ROC USA’s greening goal includes exciting opportunities for owners of older homes in co-ops to weatherize or replace their homes with EnergyStar rated new homes. This work is already being demonstrated in some communities on what Paul calls the “innovative front edge of the wave.” Paul and his colleagues have already proved the viability of the venture: In their first four years, ROC USA has helped co-ops purchase communities in twelve states, preserve over 2,100 affordable homes, and leverage over $71 million in commercial financing. This was accomplished during a period in which property sales plummeted and commercial financing was scare.

To be successful, Paul needs to lever more purchase opportunities for homeowners. For a start-up non-profit Network, this means building new skills and relationships and a reputation for delivering resident ownership “effectively and efficiently.” Most community owners dismiss the homeowners in their communities as viable buyers. ROC USA is out to change that. Paul is focused on market-based means of achieving this—they currently have a Grow Pipeline! Campaign underway and are good at identifying opportunities in the formal market through seller direct and listing brokers. Paul wants to try to capture the informal market, as well, and is aiming to engage industry and build relationships within industry in order to be successful.

As they grow their pipeline, Paul’s biggest challenge will be raising sufficient capital to meet borrower demand. His original business plan for ROC USA Capital included one or two national “senior exit channels” for their participation loans. In late 2008, five months after the launch, the $40 million term sheet with a religious pension fund was lost due to the national debt crisis. With institutional capital still on the sidelines, the managing director of ROC USA Capital and Paul have had to build numerous relationships with state housing finance authorities and other CDFIs in order to execute on transactions. This adaptation has worked but it has limitations, most notably on the size transaction possible (CDFIs are generally low dollar lenders) and it is time-consuming to work with a wide range of participants. Further, raising balance sheet debt through foundation and bank program-related investments has gone well but it too will soon run into limits. Paul is focused on securing private social investor capital and institutional capital to finance the growth.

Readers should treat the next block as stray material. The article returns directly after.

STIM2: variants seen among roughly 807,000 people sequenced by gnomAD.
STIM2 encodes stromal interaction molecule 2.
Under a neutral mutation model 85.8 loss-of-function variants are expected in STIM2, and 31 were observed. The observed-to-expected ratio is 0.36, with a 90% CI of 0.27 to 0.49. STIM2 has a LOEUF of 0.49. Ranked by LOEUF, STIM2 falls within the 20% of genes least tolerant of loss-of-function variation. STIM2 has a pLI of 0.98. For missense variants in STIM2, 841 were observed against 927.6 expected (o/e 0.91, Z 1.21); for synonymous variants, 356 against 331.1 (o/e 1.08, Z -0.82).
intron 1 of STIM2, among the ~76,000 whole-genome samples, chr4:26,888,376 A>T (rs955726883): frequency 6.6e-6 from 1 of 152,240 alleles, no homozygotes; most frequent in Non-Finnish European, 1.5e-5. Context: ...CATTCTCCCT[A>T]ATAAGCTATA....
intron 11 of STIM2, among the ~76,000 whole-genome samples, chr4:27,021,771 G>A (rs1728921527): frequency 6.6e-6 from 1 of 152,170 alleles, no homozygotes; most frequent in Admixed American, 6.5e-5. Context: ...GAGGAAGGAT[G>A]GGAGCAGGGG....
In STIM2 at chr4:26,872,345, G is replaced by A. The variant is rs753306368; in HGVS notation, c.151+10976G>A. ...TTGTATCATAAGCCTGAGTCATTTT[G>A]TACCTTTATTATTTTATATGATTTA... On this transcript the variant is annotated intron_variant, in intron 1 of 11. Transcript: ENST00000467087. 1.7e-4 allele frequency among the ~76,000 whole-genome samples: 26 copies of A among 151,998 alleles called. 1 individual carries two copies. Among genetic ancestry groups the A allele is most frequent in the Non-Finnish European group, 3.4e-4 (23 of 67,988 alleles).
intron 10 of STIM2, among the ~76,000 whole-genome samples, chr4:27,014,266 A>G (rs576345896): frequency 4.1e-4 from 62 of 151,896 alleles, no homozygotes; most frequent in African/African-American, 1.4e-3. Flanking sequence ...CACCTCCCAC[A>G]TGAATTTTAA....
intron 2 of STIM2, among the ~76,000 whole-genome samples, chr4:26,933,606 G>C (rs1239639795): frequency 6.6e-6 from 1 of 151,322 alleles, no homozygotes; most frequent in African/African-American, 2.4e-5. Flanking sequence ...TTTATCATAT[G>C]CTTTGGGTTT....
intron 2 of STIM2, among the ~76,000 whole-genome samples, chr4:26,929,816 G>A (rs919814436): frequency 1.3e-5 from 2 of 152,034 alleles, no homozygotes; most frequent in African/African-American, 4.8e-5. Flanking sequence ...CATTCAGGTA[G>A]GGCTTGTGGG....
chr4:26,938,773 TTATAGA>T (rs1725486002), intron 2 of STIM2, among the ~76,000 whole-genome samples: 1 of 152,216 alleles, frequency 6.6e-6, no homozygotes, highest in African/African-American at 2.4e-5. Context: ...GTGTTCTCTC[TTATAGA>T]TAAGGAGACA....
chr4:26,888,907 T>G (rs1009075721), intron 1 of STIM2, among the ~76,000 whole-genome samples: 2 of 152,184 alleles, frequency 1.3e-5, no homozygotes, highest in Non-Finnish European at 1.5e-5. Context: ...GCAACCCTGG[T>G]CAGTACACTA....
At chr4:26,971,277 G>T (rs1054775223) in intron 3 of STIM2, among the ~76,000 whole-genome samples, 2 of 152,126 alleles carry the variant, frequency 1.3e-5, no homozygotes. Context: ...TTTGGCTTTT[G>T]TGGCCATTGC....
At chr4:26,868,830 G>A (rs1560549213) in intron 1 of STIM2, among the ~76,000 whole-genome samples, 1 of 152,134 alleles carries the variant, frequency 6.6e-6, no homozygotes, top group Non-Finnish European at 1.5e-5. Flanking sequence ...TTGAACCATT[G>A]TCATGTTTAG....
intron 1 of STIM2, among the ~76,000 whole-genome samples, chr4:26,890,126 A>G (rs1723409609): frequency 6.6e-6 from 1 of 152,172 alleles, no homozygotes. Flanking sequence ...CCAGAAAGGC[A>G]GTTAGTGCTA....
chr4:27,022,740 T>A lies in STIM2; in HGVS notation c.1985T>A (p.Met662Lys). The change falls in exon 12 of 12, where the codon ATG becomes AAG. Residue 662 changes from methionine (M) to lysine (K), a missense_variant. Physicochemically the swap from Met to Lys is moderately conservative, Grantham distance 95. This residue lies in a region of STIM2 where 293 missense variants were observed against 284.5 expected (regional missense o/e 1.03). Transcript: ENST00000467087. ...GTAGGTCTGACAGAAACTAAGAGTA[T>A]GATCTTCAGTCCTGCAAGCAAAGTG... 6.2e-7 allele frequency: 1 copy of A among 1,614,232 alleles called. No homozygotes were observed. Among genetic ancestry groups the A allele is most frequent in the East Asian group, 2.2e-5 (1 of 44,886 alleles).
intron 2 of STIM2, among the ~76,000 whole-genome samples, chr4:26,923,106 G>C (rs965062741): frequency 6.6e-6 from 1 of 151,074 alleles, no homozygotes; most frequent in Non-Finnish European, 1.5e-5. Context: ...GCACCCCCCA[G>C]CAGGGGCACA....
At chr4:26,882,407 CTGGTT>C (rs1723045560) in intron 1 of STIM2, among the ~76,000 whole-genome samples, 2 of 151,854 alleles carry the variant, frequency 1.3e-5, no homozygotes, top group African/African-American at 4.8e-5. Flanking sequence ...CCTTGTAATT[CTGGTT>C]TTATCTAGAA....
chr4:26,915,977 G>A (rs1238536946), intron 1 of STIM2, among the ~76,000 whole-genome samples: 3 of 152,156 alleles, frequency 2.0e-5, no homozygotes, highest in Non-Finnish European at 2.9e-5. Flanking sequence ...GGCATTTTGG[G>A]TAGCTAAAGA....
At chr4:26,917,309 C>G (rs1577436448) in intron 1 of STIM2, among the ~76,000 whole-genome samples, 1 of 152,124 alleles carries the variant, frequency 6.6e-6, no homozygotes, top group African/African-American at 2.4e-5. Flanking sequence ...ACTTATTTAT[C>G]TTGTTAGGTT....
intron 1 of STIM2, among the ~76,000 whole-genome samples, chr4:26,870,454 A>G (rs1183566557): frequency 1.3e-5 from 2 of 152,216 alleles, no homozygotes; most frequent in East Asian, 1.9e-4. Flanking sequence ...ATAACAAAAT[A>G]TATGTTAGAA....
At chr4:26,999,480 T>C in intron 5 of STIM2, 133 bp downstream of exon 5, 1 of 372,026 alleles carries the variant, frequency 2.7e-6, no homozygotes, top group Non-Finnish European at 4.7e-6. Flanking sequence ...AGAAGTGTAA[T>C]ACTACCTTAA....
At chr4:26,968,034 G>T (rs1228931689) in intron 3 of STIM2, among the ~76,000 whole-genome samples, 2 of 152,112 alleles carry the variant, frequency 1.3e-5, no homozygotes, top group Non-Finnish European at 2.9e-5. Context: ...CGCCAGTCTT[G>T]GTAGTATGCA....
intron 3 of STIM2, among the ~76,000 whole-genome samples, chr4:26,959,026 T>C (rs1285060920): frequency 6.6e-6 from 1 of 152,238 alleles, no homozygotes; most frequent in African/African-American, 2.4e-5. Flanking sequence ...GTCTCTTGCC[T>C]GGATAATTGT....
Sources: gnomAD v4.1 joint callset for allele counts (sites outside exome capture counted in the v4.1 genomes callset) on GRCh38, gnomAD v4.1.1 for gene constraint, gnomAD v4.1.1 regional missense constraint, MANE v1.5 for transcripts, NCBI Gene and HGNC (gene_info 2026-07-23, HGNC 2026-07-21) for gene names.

Paul’s goal is for community owners to routinely provide homeowners with the opportunity to purchase their community, so that homeowners do not have to fear relocation and can begin to build assets. He is focused on market-based sector systems-change through scaling resident ownership and points to numerous advocacy efforts—including the homeowners themselves through the Manufactured Homeowners Association of America and their state HOA affiliates—that are seeking regulatory changes aimed at increasing consumer protections in a manner that works well in and alongside resident-owned communities.